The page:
werner wrote:Searching for a solution ...


If the going gets tough, the tough use Promela :-)

Here's a partial solution:
http://www.psocdeveloper.com/forums/viewtopic.php?p=11225#11225

Its correctness is based on two assumptions:

- my model is right (wouldn't take this for granted with my flu)

- TX_COMPLETE gets set only if there isn't a new byte waiting in the
TX Buffer (the TRM isn't clear on this - needs verification on real
hardware)

I don't quite like disabling interrupts, but I haven't found any better
solution so far.

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Postby werner on Wed Sep 13, 2006 11:15 am

werner wrote:- TX_COMPLETE gets set only if there isn't a new byte waiting in the
TX Buffer (the TRM isn't clear on this - needs verification on real
hardware)


No such luck :-(

I've tested it, and TX_Complete gets set for the first time exactly
when the stop bit of the first byte has ended, even if there's
another byte waiting in the TX buffer at that time.

Example program (for m8cas):
http://www.almesberger.net/misc/uart.asm

And this is what it looks like:
Image

Two 0x55 bytes are sent back to back. CH1 rises on TX_RegEmpty,
after enqueuing the second byte, and falls again on the first
TX_Complete.

This confirms what the TRM says: TX_RegEmpy is set on the start bit
and TX_Complete is set after the stop bit.

- Werner
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TX enable how I did it

Postby blinari on Thu Sep 14, 2006 5:03 pm

This is how I did it.

Now be for I start my TX I

Code: Select all
   TX8_1_SetTxIntMode(TX8_1_INT_MODE_TX_REG_EMPTY);   
   
   TX8_1_EnableInt();
   TX8_1_Start(0);
   CommCount=0;
   TX8_1_SendData(TXBuffer[0]);
   RDI1LT0 = 0xFF;      //This is TX Eneable pin //RDI1LT0




inside of my isr looks something like this:


Code: Select all
void TX8_C_ISR()
{
while((TX8_1_bReadTxStatus()&TX8_1_TX_COMPLETE))
      {}
      TXindex++;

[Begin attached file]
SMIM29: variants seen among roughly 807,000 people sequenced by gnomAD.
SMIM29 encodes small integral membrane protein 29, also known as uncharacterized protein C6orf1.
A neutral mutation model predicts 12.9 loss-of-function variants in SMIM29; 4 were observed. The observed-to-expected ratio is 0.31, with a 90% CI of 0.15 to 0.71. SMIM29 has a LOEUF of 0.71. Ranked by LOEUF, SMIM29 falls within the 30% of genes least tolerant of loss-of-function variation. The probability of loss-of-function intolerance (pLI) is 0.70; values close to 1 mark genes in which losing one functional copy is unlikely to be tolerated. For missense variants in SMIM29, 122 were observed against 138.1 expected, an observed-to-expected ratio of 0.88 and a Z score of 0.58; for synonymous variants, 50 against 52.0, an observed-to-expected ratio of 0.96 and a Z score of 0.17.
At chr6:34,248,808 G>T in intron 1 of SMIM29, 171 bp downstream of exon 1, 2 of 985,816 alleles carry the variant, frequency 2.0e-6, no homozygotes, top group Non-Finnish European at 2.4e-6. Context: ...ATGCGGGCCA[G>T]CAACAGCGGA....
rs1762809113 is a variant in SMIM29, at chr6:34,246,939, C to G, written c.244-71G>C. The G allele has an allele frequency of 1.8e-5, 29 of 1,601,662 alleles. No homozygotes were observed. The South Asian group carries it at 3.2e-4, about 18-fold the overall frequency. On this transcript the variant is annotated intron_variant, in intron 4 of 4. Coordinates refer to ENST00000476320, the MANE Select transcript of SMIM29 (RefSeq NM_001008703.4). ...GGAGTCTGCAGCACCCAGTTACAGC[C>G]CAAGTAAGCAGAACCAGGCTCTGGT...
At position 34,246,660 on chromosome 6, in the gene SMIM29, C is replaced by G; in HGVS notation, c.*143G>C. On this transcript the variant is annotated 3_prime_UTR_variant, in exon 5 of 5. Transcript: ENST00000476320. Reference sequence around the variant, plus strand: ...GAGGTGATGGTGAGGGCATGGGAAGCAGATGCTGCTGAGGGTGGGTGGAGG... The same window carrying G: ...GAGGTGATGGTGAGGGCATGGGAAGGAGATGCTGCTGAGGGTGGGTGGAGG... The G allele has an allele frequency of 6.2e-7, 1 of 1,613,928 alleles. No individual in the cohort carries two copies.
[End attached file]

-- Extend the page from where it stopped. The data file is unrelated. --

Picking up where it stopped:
if(TXindex<=TXBUFLen)      //The first Bytes was sent from main
      {
         TX8_bReadTxStatus();

         if(TXindex>=TXBUFLen-1)
               TX8_SetTxIntMode(TX8_INT_MODE_TX_COMPLETE);// was 1
         if(TXindex<TXBUFLen)
            TX8_SendData(TXBuffer[TXindex]);

         TX8_bReadTxStatus();

      }
// You what to know when the TX is done not when the buffer is empty
so that is why you trigger off of TX8_1_INT_MODE_TX_COMPLETE
      }
      else
      {  //Last time though
         StopTX();  //this is where you need to toggle your pin
      }

      CommCount=0;
}


This is how I turn it off.

Code: Select all
void   StopTX(void)
{   
   if(TRXStat==2)
   {   
      TX8_1_Stop();
      RDI1LT0 = 0x00;      //This is TX Eneable pin //RDI1LT0
      
      TX_Flag_Done=0;
   
   }
}
Last edited by blinari on Thu Sep 28, 2006 8:31 am, edited 1 time in total.
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Re: TX enable how I did it

Postby werner on Thu Sep 14, 2006 6:54 pm

blinari wrote:This is how I did it.


Hmm, the code looks a bit confusing. Is the algorithm something like
this ?

- send the first byte
- on each TX_REG_EMPTY, enqueue one more byte
- if there are no more bytes to send, switch to interrupt on TX_COMPLETE
- when the TX_COMPLETE arrives, turn the transmitter off

?

If yes, then this should work, but only if your worst-case interrupt
latency is less than the time it takes to send one byte.

Otherwise, you may hit the following scenario:

- sending of the last byte begins, TX_REG_EMPTY interrupt is raised
- time passes without handling the interrupt (interrupts off, other
interrupt being processed)
- sending of the last byte ends, TX_COMPLETE is set
- now you finally handle the interrupt, and switch to waiting for
TX_COMPLETE
- the interrupt never arrives

Nasty, huh ?

Of course, it's reasonable to assume that interrupt latency will be short,
but there are corner cases (sloppy programming, running the UART very
fast, or, I think, Flash programming), where this may not be true.

One way to work around this would be to also start a timer (however
this is implemented) when switching to TX_COMPLETE, which will force
the shutdown if waiting longer than one byte transmission time
(including framing bits).

- Werner
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Postby blinari on Fri Sep 15, 2006 8:18 am

You are exactly right. That is what I did. CommCount is a timer 1msec counter that if it gets too long then it just turns off the TX. :)
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Postby DavidCary on Wed Sep 27, 2006 6:46 pm

I see I misinterpreted the datasheet.

Silly me, I thought the "TX_Complete" flag had something to do with when the complete transmission was completely completed :-).

Immediately after a typical PutString(),
there are 2 bytes in the buffer -- one being shifted out bit-by-bit in the "Tx shift register", and another in the "Tx buffer".